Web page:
Serotype-specific pneumococcal antibodies in breast milk of Gambian women immunized with a pneumococcal polysaccharide vaccine during pregnancy

Stephen K. Obaro, Hedwig E. Deubzer, Vanessa O. Newman, Richard A. Adegbola, Brian M. Greenwood, Don C. Henderson

Research output: Contribution to journalArticle

29 Scopus citations


Background: In breast-feeding populations, immunization during pregnancy with pneumococcal polysaccharide offers a potentially useful approach to preventing pneumococcal disease in young infants. Methods: Breast milk samples were collected at 0, 2, 4 and 6 months after delivery from Gambian women vaccinated during pregnancy (24-32 weeks gestation) with Pneumovax II (n = 56) or Mengivax A&C (n = 57). Specimens were examined for secretory immunoglobulin A (s-IgA) concentration, subclass distribution and avidity specific to pneumococcal serotypes 4, 6B, 14, 19F and 23F and the antigen mixture in Pneumovax II by enzyme-linked immunosorbent assay. Colostral s-IgA and IgG concentrations in paired maternal sera were compared. Results: Colostral s-IgA concentrations specific to all pneumococcal polysaccharide antigens investigated were significantly higher (P < 0.05) among Pneumovax II vaccinees. Titers specific to serotypes 4, 6B and 14 and the vaccine formula remained significantly higher during 6 months, and those for 19F were higher during 4 months. Significantly higher concentrations of vaccine antigen-specific s-IgA antibody were sustained for 6 months after delivery (P = 0.011). Comparison of colostral s-IgA and IgG in serum revealed a significant correlation only among Mengivax A&C vaccinees for pneumococcal polysaccharide 23F (rs= 0.68; P ≤ 0.0001). Vaccination elicited trends toward increased s-IgA2, reaching significance for serotype 14 and the vaccine formula. Immunization elicited significantly higher S-IgA avidities specific to all pneumococcal polysaccharide antigens studied during 6 months. Conclusions: The public health value of immunization during pregnancy with pneumococcal polysaccharide vaccine in breast-feeding populations warrants further evaluation, particularly in populations with a high incidence of pneumococcal disease in early infancy.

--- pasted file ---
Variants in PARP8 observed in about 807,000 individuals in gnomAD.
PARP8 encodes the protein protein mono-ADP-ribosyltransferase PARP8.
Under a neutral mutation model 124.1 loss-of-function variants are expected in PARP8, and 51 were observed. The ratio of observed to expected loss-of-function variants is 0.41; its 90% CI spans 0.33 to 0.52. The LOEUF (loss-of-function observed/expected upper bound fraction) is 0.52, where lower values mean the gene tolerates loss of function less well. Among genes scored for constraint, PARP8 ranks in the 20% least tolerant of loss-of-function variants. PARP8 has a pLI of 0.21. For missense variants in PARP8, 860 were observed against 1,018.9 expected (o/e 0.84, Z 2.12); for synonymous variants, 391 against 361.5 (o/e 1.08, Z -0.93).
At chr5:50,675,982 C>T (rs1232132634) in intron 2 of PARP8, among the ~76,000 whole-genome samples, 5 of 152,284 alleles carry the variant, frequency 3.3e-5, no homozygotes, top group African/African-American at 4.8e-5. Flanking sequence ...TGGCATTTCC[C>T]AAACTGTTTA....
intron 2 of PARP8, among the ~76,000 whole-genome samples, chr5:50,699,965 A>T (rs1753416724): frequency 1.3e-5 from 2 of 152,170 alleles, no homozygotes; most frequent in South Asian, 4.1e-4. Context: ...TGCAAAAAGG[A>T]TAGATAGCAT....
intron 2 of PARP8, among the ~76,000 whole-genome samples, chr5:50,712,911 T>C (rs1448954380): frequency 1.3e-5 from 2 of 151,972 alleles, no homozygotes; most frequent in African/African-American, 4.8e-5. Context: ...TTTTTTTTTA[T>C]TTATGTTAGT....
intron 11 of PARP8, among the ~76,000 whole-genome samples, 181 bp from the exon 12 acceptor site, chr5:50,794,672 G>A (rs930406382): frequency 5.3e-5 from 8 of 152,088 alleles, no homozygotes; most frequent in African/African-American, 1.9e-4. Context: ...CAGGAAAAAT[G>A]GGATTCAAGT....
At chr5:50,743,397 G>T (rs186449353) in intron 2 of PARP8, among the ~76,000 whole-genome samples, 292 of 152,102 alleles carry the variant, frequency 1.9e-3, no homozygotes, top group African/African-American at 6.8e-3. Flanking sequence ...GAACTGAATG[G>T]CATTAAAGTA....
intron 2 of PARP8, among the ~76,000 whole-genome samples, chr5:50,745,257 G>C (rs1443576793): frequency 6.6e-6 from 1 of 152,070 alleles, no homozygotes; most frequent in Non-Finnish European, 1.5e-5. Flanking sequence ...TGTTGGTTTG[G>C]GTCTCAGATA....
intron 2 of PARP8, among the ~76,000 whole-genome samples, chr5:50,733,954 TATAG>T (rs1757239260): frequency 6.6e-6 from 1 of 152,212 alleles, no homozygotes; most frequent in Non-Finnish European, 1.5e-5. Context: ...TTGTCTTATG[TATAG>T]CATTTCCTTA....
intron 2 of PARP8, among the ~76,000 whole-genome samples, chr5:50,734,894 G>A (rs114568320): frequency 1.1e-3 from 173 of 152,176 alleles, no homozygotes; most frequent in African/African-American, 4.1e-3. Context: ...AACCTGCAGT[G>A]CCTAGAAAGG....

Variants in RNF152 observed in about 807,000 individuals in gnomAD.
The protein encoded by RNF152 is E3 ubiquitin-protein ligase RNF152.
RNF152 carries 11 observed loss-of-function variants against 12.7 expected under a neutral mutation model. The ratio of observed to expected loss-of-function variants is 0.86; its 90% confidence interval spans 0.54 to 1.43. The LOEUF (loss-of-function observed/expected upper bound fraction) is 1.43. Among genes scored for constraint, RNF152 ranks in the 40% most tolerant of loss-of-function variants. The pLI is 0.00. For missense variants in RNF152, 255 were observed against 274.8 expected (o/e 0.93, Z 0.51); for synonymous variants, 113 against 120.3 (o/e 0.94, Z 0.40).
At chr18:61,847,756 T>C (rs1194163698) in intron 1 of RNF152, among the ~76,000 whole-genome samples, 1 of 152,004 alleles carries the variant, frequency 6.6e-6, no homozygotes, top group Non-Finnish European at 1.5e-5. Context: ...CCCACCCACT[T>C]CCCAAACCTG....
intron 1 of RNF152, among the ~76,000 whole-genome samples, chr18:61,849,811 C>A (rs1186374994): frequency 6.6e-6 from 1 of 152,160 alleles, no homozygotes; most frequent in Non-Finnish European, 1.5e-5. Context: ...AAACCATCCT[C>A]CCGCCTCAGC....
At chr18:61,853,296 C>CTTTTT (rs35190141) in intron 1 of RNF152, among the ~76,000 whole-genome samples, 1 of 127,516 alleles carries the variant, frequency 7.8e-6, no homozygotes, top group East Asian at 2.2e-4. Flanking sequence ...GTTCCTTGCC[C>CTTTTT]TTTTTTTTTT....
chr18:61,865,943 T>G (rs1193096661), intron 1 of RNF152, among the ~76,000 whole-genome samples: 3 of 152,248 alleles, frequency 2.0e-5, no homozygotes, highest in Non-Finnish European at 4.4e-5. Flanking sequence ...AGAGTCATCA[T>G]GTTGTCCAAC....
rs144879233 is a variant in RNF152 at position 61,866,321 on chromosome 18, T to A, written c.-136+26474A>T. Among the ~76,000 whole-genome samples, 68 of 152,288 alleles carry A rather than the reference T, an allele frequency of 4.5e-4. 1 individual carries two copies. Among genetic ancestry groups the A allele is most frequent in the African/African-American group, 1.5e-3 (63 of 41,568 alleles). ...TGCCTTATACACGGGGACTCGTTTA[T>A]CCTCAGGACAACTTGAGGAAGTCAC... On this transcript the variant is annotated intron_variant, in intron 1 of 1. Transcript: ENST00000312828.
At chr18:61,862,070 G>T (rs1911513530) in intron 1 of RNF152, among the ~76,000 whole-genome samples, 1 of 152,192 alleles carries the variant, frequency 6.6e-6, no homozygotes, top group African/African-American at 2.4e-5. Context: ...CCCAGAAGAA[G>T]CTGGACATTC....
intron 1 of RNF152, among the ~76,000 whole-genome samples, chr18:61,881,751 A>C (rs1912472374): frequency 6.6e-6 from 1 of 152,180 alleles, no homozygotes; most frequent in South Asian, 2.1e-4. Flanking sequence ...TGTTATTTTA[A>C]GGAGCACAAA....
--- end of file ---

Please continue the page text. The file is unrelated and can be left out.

Original languageEnglish (US)
Pages (from-to)1023-1029
Number of pages7
JournalPediatric Infectious Disease Journal
Issue number11
Publication statusPublished - Nov 1 2004



  • Breast milk
  • Infant
  • Pneumococcal polysaccharide vaccine
  • Pregnancy

ASJC Scopus subject areas

  • Pediatrics, Perinatology, and Child Health
  • Microbiology (medical)
  • Infectious Diseases

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